Speaking of hybridization, my friend Nicole L’Or Reggia sent me some ears she grew of what’s called “glass gem corn,” which are gorgeous. I had no idea this stuff existed, though of course I’d seen less variegated “Indian corn” that appears around Halloween. Here are 12 ears: all of them are small: up to about six inches long. Some are highly variegated like a pack of Jelly Belly jelly beans, while others have a dominant color scheme (bottom of the second picture and the third picture).
As the corn dries out, it becomes translucent, making it even more gemlike. The photos below show what my ears will eventually look like (photos are taken from various places, including the Glass Gem Corn Facebook page):
Go here for a gazillion more photos.
Now how are these produced? It’s hard to find much information about Glass Gem corn. It was clearly developed by breeding varieties of corn having different-colored kernels, but beyond that there’s little information about the breeding scheme. There’s a piece at Business Insider, and this from My Modern Met:
Nature often surprises us with the amazing things it produces, and Glass Gem corn is a fantastic instance of when the line between what’s real and fake is blurred. The rainbow-colored kernels resemble brilliantly-hued strands of jewels rather than something you’d find on your plate. They’re all natural, however, and are the result of heirloom-style farming as well as selective planting.
The story behind these special corn cobs started with an Oklahoma-based farmer named Carl Barnes. As an adult, the half-Cherokee Native American began growing older varieties of the crop as a way to reconnect to his roots. In doing this, he isolated heirloom corn seeds that were lost to Native American tribes when, in the 1800s, they were relocated to present-day Oklahoma.
Barnes shared and exchanged the ancient corn seeds with people he had met around the country, while he also selected and planted grains from the more colorful varieties. This is how the dazzling rainbow corn was born, but these weren’t crops that he kept to himself. Thanks to Barnes, fellow farmer Greg Schoen became acquainted with the vegetable in 1994 at a native-plant gathering in Oklahoma. Mesmerized by the colors, Barnes gave Schoen some of the seeds, who then planted the rainbow corn next to traditional yellow varieties. This mixture led to new and exciting hybrids.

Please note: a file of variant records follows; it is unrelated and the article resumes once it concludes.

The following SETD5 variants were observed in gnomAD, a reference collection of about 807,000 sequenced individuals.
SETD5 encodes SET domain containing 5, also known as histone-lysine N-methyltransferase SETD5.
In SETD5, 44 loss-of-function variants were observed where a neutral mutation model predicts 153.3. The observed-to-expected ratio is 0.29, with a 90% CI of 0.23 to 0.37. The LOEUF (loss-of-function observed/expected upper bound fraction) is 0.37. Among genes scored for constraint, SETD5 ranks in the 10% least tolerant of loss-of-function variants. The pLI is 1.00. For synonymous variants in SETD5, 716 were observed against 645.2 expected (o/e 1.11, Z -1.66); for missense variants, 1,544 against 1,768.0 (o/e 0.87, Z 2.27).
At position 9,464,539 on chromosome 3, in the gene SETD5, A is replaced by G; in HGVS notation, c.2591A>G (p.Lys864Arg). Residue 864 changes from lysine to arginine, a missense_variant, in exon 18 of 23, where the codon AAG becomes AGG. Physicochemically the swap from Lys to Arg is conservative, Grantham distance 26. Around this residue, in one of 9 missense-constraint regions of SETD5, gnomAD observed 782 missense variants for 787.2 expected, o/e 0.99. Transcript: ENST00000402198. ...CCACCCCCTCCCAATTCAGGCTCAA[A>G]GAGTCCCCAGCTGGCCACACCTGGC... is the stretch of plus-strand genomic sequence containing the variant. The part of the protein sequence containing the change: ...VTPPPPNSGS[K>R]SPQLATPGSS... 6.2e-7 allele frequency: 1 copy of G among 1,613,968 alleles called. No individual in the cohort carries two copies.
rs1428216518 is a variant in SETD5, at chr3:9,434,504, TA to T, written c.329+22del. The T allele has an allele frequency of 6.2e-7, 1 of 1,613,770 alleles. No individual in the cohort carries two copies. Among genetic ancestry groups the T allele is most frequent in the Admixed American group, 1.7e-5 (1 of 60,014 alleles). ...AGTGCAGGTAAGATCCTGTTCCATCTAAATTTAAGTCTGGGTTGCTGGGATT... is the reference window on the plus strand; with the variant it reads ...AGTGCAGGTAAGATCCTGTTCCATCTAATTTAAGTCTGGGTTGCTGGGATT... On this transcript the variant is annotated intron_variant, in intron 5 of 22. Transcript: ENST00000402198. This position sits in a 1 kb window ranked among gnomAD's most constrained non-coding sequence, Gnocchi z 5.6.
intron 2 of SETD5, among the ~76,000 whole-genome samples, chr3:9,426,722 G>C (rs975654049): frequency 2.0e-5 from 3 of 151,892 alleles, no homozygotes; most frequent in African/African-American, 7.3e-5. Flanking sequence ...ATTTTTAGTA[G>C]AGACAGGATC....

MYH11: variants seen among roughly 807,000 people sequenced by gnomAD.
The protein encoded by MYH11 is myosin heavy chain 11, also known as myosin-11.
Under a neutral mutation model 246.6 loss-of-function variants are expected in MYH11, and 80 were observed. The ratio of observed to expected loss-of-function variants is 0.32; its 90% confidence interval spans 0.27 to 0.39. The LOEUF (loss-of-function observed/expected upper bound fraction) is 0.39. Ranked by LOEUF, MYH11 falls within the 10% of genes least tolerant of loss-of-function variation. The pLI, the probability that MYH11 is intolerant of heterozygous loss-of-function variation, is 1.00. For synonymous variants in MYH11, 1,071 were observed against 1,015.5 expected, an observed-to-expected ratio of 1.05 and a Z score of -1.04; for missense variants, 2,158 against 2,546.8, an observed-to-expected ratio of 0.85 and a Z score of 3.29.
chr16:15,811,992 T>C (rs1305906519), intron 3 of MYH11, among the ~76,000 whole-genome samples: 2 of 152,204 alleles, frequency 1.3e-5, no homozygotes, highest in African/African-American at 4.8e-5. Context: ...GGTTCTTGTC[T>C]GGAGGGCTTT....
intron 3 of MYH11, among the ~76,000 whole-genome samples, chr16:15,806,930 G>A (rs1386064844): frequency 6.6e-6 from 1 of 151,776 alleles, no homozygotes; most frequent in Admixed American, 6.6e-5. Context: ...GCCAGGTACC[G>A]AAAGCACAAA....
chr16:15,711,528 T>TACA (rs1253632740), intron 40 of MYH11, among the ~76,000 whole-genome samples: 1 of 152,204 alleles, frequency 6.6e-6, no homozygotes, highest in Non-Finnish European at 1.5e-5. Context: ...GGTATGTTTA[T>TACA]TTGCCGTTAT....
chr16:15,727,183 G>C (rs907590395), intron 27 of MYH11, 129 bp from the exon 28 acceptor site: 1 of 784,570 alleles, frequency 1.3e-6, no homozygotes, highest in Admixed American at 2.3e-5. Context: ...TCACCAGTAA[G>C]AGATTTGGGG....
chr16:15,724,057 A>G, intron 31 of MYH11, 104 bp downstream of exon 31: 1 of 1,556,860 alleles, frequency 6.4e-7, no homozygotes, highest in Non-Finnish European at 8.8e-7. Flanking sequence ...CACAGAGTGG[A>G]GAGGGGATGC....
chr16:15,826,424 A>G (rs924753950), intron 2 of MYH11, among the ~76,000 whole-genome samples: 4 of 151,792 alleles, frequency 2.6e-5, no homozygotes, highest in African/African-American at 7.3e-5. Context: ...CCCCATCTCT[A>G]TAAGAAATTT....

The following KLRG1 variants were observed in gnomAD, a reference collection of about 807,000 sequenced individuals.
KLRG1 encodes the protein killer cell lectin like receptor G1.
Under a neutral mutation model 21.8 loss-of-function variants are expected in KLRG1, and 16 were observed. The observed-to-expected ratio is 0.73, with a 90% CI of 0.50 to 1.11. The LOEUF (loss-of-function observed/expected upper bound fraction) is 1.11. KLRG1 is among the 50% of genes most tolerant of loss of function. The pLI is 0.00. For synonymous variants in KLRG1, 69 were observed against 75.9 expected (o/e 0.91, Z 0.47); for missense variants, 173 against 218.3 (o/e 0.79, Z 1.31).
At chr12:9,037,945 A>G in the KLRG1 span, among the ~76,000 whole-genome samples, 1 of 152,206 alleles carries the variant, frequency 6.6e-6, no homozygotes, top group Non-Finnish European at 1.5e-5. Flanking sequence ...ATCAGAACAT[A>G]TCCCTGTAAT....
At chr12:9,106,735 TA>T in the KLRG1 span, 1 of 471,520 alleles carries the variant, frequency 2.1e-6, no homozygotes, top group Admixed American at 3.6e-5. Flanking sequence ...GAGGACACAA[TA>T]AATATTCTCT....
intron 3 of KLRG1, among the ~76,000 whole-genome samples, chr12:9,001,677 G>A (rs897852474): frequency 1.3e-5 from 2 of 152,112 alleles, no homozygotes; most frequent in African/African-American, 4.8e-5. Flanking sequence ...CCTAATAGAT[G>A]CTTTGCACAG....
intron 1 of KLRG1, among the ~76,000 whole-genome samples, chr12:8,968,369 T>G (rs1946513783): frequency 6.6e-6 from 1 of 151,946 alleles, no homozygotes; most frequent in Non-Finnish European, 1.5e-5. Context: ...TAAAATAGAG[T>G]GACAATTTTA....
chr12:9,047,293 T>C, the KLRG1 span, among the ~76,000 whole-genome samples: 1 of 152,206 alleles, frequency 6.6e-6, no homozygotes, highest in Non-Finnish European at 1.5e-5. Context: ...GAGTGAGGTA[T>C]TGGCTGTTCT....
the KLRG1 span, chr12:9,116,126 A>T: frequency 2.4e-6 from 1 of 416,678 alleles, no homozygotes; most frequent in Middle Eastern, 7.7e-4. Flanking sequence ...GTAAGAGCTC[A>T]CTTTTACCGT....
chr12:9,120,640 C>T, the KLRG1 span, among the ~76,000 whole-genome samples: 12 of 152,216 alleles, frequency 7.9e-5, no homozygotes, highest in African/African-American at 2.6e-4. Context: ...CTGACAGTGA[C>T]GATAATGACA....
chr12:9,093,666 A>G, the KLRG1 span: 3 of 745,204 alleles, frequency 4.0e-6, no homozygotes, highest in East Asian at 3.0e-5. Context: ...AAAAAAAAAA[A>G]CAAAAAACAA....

Like Barnes, Schoen passed the seeds along to others, one being Bill McDorman. He owned an Arizona company called Seed Trust, and he’s now the Executive Director of Native Seeds/SEARCH. The non-profit conservation organization now sells the seeds online. [JAC: you can buy the seeds online for only $4.95 a packet.]
But beyond that, I see little information, though I’ve done only a cursory survey. I’m hoping a reader with botanical expertise can explain these, but here’s what I know about corn (I hope this is right!):
- Each “kernel” is the result of a separate pollination event, which clearly accounts for the different colors (they come from genetically different pollen and ovules). Corn is wind-pollinated, but is effectively self-incompatible as the tassels (male parts) are physically separated from the ears (female parts). The many different colors surely reflect many different kinds of pollen impinging on each ear. Each “silk” on an ear is a style: the tube through which the pollen will grow to produce a single kernel. Each “cob” involves several hundred fertilization events. I could plant each kernel and, if I plant more than one together, get more ears like these.
- I have no information about the color diversity among ears from the same plant. By all rules of genetics, they should resemble each other more than ears from different plants, since ears of a single plant have a single female genotype.
- Many ears have a dominant “theme” color, like the purple and reddish ears depicted above. That may reflect a female genotype carrying “red” or “purple” genes, or perhaps limited pollination (Nicole grew about a dozen plants), the dominance relationships of some color alleles, or all of the above.
- I know squat about corn genetics, and even less about corn color genetics. To work out how ears like the above are possible, one needs to be able to show that each of the kernels on a given ear reflects the female’s genotype in the ovule (limited to two alleles at each color locus) combined with a substantially larger variety of alleles in the pollen that fertilizes the female. And you’d have to know the dominance relationships as well as the number of genes producing each color.
And that’s where my knowledge stops. Readers who know about corn varieties or corn genetics are invited to weigh in.
Oh, and about its edibility. Apparently it’s not edible like regular corn on the cob, but you can cut the dried kernels off the cob to make popcorn. Then, however, the color disappears. Or I could plant the kernels, though growing space is sparse in my neck of the woods. I’d prefer to let my ears dry out, become gemlike, and then show off the ears as a lovely novelty.